A bill that would pay schools for reducing their dropout rate is making its way through the legislature. The measure, sponsored by Rep. Tim Probst (D-Vancouver), would provide schools and districts cash rewards of up to $50-thousand for reducing the number of students that drop out of high school.
But are lawmakers dangling a plastic carrot while simultaneously work to cut the budget? An amendment to the bill which passed the House this week added the phrase "if funds are appropriated."
The Office of Financial Management says as many as 340 Washington high schools could qualify for the awards, if the cash is there. OFM projects ESHB 1599, nicknamed PASS (Pay for Actual Student Success), will cost taxpayers an estimated $4.8-million.
The Washington Education Association has come out in opposition to the bill saying now is not the time for such a program, even with a double digit dropout rate plaguing the state.
Rep. Probst told The Columbian newspaper that now is exactly the time to try to find new ways of improving education.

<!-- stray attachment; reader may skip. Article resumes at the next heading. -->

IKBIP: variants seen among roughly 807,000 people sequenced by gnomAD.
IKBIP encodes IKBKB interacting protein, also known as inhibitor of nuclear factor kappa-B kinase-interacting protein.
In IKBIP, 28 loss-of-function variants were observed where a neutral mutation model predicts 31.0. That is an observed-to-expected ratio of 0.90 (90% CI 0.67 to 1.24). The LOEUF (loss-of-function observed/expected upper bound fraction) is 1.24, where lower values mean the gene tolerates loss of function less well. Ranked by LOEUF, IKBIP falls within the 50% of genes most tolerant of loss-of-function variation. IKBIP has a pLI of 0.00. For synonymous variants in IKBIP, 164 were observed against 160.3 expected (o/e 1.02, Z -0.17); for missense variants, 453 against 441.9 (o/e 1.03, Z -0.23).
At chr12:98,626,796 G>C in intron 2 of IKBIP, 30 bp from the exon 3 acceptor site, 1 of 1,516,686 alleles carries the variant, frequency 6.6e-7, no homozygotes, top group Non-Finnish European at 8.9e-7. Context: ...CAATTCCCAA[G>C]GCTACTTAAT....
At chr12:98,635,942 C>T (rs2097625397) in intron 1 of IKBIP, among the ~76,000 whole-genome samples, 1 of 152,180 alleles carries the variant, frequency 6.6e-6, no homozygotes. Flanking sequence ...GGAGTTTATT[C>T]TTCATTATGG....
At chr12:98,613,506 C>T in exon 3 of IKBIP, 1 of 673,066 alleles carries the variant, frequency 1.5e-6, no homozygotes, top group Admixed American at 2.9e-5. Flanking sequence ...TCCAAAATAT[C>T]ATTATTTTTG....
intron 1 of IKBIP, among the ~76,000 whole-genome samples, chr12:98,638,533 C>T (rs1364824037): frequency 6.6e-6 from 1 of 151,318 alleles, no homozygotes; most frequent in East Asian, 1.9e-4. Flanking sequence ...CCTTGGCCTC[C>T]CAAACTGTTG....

"There are two schools of thought playing out in this budget debate," Probst said. "Some people say,' Keep doing everything the same but do less of it,' I think that's the wrong approach. When you're in an economic crisis, that is the critical time to find new ways of doing business and making meaningful reform."
Statistics show that for every dropout that is kept in school the chances of that person committing a crime are reduced by 20-percent and stands to increase his/herlifetime earnings by more than $300-thousand.
The measure had its first reading in the Senate this morning and has been referred to the Early learning and K-12 Education Committee for their consideration.